According to findings at Stanford University, it may actually help people to have an avatar, which has implications for "residents" of Teen Second Life, Whyville.net, and of course grownup versions of virtual worlds. It has a lot to do with what having a virtual self can do for offline self-image, according to this NPR report. At Stanford's Virtual Human Interaction Lab, people visit for a new approach to losing weight, for example. They take photographs of the visitor's head, create an attractive avatar, or graphical image, of him and show this attractive self running – he actually sees himself losing weight, which seems to encourage him by showing him just how very possible it is to lose weight. So he proceeds to "try this at home" and virtual reality becomes reality. The lab also studies virtual identity. Lab researcher Jeremy Bailenson told NPR that as people with attractive avatars spend more and more time as their virtual selves, they tend to become more social – their confidence level goes up.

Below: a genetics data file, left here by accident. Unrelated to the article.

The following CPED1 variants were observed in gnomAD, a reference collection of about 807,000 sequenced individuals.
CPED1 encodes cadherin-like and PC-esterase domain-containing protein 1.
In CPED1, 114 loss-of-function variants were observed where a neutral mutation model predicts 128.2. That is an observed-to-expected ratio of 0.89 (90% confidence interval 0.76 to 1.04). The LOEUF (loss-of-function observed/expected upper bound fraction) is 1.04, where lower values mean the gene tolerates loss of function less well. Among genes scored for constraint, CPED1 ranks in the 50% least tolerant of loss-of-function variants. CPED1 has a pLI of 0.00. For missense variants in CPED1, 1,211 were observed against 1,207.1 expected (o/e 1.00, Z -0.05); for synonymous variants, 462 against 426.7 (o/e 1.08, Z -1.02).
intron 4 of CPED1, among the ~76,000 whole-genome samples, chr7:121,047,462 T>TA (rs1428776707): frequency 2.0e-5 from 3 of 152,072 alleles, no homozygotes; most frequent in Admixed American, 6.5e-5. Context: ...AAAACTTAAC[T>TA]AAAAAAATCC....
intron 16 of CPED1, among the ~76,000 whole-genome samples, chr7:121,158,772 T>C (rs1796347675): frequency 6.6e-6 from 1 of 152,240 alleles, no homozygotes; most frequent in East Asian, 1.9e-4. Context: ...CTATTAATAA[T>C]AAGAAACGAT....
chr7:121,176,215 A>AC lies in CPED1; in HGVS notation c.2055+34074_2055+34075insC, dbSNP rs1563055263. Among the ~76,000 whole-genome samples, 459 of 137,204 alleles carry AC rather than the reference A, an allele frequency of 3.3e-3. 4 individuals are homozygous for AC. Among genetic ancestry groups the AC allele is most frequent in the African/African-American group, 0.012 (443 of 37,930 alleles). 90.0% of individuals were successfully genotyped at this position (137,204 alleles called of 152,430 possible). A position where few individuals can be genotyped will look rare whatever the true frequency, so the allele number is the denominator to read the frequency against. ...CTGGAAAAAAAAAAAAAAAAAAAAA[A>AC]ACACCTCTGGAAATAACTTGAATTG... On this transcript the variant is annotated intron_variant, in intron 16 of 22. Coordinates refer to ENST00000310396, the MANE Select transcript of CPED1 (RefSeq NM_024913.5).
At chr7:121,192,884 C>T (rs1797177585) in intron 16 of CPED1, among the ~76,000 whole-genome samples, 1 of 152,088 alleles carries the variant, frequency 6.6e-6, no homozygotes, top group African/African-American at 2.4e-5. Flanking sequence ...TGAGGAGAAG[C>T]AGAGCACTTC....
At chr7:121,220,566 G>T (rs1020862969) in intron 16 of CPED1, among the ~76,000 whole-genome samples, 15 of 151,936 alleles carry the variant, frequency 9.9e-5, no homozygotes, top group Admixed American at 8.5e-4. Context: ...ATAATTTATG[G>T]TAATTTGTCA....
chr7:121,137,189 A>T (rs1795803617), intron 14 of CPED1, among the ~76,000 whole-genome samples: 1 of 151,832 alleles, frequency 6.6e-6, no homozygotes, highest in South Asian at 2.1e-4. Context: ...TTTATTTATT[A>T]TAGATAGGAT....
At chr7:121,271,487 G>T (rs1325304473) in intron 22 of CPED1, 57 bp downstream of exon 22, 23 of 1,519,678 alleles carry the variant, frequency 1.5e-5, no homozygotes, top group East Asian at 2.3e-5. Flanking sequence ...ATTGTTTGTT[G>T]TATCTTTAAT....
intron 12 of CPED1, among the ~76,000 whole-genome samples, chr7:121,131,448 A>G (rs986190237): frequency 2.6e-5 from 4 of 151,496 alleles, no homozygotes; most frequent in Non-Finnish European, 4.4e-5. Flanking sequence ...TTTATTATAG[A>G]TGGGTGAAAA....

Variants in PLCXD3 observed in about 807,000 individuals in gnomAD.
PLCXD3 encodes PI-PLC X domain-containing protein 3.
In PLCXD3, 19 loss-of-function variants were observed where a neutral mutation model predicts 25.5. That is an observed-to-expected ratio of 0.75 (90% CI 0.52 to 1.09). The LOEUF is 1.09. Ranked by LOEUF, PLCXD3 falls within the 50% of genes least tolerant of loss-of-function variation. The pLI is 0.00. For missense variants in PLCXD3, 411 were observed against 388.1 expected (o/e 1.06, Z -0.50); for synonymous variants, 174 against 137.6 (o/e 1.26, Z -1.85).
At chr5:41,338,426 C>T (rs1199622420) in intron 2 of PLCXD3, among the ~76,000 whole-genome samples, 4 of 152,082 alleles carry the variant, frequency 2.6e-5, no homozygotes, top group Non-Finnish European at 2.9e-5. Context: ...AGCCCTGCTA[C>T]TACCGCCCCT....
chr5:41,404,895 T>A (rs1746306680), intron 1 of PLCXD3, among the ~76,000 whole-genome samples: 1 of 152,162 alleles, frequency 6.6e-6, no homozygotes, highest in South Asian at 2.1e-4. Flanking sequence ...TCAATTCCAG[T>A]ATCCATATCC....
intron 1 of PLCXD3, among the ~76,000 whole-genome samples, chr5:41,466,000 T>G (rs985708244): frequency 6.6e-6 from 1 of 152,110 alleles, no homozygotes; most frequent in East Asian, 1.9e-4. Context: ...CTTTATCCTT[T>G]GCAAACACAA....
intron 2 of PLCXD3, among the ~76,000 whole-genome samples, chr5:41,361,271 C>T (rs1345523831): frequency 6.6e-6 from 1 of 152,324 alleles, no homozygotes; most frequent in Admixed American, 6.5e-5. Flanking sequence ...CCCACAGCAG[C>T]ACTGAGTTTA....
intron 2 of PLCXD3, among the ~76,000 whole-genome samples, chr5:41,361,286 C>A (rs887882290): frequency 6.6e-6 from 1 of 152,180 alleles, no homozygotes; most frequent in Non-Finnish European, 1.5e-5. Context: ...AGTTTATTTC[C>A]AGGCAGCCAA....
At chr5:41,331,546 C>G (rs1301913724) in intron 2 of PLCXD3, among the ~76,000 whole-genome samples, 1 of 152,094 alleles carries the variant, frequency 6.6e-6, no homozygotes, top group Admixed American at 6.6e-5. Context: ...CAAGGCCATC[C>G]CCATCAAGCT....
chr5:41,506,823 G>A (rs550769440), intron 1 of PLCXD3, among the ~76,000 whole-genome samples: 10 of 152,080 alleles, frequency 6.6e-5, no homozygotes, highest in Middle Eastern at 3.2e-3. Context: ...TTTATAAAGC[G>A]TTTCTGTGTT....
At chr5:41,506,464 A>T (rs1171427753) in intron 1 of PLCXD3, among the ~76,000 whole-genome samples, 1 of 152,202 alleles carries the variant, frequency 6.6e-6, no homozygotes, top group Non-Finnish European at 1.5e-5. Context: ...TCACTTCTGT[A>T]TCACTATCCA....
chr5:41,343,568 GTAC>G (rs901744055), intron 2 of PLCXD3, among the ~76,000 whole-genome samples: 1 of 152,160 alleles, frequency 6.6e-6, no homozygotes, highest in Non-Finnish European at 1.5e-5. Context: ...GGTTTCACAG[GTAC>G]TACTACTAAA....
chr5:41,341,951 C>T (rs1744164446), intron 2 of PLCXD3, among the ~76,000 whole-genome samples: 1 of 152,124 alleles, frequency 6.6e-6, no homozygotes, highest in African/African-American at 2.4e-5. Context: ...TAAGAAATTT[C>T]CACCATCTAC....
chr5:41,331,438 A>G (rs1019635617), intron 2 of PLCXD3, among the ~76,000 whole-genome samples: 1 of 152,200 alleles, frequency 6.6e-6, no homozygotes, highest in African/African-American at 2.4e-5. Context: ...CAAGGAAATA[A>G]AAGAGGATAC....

NetFamilyNews – by Anne Collier
- New Facebook policy targets guns, other regulated items
- Google’s new learning tool that learns
- The flap over Talking Angela the chatbot app
- About the worldwide ‘selfie’ phenomenon
- How technology will improve the well-being of young adults
- Calling our children narcissists on ‘a sociopathic scale’: Really!?
- Nothing complicated about this: Read ‘It’s Complicated’!
- Teens’ own (wise) perspectives on life with social media
Analysis & News – by Larry Magid
- Adults spend 11 hour a day using electronic media
- Smartphones that promise user privacy
- Author danah boyd on why teens and social media are ‘complicated’
- Security experts at RSA decry government hacking
- In defense of Internet safety education
- ‘Neknominate’ is a stupid and potentially deadly online dare game
- Confessions of a binge viewer
- People who suffer from so-called ‘game addiction’ have other problems